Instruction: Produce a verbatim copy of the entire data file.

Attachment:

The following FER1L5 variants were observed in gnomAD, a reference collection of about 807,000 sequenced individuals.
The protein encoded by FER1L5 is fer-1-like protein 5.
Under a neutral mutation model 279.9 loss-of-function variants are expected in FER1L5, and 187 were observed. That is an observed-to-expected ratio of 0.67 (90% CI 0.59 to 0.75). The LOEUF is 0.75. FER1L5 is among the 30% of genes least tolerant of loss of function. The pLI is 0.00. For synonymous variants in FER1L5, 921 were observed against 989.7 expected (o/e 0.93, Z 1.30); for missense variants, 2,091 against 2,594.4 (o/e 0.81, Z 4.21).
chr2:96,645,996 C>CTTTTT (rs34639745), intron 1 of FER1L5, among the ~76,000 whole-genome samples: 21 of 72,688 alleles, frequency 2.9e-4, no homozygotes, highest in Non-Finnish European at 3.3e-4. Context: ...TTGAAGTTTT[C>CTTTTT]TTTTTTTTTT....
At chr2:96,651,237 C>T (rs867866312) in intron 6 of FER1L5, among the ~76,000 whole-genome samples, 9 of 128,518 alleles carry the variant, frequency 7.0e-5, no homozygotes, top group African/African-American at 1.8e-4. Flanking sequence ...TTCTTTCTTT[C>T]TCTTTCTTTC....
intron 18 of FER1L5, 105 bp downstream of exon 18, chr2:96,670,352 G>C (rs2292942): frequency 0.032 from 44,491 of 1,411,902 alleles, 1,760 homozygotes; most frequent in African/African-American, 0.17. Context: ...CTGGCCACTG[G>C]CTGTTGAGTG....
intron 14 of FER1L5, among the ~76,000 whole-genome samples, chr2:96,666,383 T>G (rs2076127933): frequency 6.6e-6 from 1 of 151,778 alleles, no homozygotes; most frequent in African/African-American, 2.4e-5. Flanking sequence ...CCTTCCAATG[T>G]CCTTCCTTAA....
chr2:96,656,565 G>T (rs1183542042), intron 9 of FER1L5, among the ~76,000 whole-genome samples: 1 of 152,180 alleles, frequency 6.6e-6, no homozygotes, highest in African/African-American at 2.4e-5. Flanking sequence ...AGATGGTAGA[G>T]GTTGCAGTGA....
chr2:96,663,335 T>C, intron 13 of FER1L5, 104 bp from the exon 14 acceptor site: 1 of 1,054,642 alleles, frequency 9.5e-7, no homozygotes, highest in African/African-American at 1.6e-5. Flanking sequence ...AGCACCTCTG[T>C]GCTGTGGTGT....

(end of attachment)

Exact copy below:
The following FER1L5 variants were observed in gnomAD, a reference collection of about 807,000 sequenced individuals.
The protein encoded by FER1L5 is fer-1-like protein 5.
Under a neutral mutation model 279.9 loss-of-function variants are expected in FER1L5, and 187 were observed. That is an observed-to-expected ratio of 0.67 (90% CI 0.59 to 0.75). The LOEUF is 0.75. FER1L5 is among the 30% of genes least tolerant of loss of function. The pLI is 0.00. For synonymous variants in FER1L5, 921 were observed against 989.7 expected (o/e 0.93, Z 1.30); for missense variants, 2,091 against 2,594.4 (o/e 0.81, Z 4.21).
chr2:96,645,996 C>CTTTTT (rs34639745), intron 1 of FER1L5, among the ~76,000 whole-genome samples: 21 of 72,688 alleles, frequency 2.9e-4, no homozygotes, highest in Non-Finnish European at 3.3e-4. Context: ...TTGAAGTTTT[C>CTTTTT]TTTTTTTTTT....
At chr2:96,651,237 C>T (rs867866312) in intron 6 of FER1L5, among the ~76,000 whole-genome samples, 9 of 128,518 alleles carry the variant, frequency 7.0e-5, no homozygotes, top group African/African-American at 1.8e-4. Flanking sequence ...TTCTTTCTTT[C>T]TCTTTCTTTC....
intron 18 of FER1L5, 105 bp downstream of exon 18, chr2:96,670,352 G>C (rs2292942): frequency 0.032 from 44,491 of 1,411,902 alleles, 1,760 homozygotes; most frequent in African/African-American, 0.17. Context: ...CTGGCCACTG[G>C]CTGTTGAGTG....
intron 14 of FER1L5, among the ~76,000 whole-genome samples, chr2:96,666,383 T>G (rs2076127933): frequency 6.6e-6 from 1 of 151,778 alleles, no homozygotes; most frequent in African/African-American, 2.4e-5. Flanking sequence ...CCTTCCAATG[T>G]CCTTCCTTAA....
chr2:96,656,565 G>T (rs1183542042), intron 9 of FER1L5, among the ~76,000 whole-genome samples: 1 of 152,180 alleles, frequency 6.6e-6, no homozygotes, highest in African/African-American at 2.4e-5. Flanking sequence ...AGATGGTAGA[G>T]GTTGCAGTGA....
chr2:96,663,335 T>C, intron 13 of FER1L5, 104 bp from the exon 14 acceptor site: 1 of 1,054,642 alleles, frequency 9.5e-7, no homozygotes, highest in African/African-American at 1.6e-5. Flanking sequence ...AGCACCTCTG[T>C]GCTGTGGTGT....